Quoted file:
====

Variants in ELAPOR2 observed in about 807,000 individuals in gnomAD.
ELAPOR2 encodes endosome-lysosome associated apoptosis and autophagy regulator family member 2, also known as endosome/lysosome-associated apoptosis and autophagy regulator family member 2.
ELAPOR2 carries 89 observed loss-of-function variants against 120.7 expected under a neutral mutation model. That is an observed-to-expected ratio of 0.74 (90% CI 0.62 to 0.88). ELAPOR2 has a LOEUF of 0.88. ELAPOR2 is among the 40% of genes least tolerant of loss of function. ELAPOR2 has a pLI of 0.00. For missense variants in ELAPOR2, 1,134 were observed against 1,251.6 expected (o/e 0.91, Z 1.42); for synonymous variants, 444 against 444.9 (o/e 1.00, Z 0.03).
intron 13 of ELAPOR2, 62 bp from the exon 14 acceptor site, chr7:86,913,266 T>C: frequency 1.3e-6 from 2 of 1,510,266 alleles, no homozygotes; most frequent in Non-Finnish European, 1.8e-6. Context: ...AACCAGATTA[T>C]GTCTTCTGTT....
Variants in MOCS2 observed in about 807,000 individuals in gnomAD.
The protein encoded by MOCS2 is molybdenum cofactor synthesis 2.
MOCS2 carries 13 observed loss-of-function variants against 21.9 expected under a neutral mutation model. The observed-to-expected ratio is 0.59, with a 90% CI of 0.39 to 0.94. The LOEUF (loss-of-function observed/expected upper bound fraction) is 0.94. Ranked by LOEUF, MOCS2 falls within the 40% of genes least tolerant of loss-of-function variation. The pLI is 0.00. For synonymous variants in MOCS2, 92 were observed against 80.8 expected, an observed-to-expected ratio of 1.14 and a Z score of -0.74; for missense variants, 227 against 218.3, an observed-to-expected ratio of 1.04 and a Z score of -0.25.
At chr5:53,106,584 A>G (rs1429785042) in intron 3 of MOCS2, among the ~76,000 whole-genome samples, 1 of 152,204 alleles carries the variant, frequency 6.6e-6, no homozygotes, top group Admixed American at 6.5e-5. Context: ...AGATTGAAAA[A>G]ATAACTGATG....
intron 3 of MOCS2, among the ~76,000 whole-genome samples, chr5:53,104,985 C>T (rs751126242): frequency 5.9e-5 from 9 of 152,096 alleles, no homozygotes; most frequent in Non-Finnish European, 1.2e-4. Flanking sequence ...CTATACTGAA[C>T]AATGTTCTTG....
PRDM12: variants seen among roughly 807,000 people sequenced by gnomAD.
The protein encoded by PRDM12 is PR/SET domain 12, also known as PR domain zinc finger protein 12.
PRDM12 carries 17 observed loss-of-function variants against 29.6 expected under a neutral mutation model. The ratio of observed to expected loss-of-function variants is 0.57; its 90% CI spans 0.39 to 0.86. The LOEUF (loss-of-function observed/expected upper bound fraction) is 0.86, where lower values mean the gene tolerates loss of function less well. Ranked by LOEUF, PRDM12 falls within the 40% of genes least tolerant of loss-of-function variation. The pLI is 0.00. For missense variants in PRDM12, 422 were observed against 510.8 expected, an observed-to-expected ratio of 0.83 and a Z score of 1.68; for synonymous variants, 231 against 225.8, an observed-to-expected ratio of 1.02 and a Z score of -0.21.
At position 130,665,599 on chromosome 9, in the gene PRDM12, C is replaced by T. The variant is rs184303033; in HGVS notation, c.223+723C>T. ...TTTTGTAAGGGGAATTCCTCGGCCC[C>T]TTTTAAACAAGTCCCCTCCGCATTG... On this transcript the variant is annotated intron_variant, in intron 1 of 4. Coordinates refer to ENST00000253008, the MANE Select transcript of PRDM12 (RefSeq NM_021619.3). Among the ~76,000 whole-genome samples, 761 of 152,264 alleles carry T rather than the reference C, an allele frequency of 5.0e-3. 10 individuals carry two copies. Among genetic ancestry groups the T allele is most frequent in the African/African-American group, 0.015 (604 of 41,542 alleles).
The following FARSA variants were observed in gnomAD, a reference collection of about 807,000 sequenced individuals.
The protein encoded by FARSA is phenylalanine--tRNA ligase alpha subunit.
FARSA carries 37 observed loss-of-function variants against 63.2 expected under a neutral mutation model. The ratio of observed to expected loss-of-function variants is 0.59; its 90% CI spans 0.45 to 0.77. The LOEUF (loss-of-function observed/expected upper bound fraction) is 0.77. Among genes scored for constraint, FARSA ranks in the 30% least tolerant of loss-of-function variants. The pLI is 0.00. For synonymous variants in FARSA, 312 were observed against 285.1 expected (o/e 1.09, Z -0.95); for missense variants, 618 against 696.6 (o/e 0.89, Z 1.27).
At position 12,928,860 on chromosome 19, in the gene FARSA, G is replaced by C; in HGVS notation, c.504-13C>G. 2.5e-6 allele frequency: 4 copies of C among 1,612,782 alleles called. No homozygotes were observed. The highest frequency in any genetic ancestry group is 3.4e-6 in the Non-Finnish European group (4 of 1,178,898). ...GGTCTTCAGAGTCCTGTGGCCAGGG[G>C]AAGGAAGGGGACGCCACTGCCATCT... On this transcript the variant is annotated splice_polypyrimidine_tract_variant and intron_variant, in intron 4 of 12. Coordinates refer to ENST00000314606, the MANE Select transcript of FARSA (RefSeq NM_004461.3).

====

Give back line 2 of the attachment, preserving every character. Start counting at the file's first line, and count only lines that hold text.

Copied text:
ELAPOR2 encodes endosome-lysosome associated apoptosis and autophagy regulator family member 2, also known as endosome/lysosome-associated apoptosis and autophagy regulator family member 2.